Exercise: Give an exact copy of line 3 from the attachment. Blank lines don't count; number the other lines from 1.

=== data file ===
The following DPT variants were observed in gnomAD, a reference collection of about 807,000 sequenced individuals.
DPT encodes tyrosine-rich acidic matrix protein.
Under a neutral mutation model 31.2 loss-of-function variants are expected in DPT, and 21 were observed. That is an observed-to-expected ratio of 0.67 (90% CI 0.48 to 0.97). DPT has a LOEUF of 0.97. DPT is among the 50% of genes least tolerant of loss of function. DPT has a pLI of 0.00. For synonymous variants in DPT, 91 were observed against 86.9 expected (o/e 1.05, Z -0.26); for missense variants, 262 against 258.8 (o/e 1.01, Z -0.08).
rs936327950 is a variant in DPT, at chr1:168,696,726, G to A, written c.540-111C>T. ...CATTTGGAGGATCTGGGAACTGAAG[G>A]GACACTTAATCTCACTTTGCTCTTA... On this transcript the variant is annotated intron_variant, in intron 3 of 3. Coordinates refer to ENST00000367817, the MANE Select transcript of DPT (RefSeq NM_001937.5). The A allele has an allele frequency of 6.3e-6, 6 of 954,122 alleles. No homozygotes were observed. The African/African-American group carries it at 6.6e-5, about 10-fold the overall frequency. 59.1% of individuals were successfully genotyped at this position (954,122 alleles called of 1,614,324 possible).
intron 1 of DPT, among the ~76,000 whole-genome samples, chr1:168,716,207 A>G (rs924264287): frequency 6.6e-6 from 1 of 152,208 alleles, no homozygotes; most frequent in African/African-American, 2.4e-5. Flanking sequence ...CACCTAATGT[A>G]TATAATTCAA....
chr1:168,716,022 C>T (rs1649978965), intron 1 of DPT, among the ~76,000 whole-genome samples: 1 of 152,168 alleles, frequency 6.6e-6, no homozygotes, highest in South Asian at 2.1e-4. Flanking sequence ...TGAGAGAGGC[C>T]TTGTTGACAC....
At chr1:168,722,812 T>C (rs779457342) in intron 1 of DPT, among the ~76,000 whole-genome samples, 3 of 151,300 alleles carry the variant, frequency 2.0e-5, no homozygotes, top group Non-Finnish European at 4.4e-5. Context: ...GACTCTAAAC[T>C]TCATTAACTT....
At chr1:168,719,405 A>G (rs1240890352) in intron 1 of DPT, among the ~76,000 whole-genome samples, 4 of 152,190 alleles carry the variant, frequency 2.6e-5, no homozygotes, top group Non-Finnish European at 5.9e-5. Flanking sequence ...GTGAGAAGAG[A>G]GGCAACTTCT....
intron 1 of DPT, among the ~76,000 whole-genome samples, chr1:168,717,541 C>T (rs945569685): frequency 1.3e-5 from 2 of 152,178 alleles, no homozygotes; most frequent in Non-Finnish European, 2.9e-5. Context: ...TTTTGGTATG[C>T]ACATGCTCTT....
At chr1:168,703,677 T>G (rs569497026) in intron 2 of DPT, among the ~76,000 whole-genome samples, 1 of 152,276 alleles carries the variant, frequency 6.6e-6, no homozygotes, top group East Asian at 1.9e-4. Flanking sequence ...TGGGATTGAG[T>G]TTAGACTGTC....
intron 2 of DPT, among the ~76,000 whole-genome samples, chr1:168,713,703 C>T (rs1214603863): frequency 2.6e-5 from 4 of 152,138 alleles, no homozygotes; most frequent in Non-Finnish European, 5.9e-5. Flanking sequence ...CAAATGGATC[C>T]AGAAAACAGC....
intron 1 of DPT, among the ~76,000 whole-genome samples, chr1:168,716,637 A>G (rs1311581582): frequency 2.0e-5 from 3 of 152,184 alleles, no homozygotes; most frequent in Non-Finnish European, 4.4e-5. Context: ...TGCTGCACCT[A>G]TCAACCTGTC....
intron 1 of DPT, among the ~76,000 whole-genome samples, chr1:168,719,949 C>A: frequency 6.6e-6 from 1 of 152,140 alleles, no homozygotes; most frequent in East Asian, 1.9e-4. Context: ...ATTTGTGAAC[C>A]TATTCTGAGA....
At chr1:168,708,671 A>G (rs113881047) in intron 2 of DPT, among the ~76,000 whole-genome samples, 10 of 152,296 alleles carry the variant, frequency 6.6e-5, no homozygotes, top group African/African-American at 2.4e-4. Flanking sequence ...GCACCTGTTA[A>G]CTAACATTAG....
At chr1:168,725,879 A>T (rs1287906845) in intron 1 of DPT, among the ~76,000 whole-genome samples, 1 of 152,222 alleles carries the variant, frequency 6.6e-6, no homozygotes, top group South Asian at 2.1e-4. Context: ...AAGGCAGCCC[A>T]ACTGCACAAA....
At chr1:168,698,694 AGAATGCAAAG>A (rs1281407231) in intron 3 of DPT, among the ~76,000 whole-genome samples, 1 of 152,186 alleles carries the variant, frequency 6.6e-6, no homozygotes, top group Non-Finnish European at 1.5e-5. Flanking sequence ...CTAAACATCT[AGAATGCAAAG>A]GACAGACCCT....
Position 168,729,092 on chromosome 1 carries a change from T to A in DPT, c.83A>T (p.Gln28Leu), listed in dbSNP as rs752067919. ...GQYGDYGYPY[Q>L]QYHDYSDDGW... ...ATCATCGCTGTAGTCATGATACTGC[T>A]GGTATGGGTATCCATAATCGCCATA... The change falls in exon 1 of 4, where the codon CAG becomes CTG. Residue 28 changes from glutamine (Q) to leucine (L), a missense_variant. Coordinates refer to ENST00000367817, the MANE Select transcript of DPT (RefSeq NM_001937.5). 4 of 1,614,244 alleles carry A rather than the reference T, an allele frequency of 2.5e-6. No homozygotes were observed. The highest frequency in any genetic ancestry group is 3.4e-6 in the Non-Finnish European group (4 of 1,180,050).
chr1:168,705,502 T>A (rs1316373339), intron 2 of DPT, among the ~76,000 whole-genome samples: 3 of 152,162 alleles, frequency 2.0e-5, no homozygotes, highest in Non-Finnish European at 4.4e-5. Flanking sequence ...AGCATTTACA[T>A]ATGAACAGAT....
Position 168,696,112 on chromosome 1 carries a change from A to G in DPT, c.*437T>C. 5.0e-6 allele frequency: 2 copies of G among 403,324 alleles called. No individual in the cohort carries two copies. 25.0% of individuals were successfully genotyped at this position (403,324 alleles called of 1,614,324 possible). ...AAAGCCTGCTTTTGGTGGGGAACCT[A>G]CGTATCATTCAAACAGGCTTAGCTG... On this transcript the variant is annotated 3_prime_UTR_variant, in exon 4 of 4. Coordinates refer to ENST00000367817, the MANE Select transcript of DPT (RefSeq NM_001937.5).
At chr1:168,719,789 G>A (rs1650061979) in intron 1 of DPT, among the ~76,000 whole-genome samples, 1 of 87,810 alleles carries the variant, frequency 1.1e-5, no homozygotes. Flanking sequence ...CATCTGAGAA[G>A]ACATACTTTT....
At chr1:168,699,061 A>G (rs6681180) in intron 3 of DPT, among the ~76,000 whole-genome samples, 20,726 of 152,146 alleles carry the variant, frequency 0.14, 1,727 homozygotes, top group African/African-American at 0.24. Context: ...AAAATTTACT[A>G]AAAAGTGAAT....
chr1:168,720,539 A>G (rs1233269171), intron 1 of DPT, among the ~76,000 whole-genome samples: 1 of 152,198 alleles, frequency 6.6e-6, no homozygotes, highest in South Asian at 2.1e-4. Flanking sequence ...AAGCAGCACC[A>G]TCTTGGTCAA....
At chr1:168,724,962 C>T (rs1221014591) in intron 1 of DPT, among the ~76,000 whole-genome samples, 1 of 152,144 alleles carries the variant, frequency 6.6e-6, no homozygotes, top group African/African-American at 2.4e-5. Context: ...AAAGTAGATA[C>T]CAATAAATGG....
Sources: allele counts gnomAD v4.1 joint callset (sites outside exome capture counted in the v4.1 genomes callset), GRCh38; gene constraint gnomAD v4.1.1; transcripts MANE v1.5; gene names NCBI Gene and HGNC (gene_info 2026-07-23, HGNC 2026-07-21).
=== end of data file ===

Under a neutral mutation model 31.2 loss-of-function variants are expected in DPT, and 21 were observed. That is an observed-to-expected ratio of 0.67 (90% CI 0.48 to 0.97). DPT has a LOEUF of 0.97. DPT is among the 50% of genes least tolerant of loss of function. DPT has a pLI of 0.00. For synonymous variants in DPT, 91 were observed against 86.9 expected (o/e 1.05, Z -0.26); for missense variants, 262 against 258.8 (o/e 1.01, Z -0.08).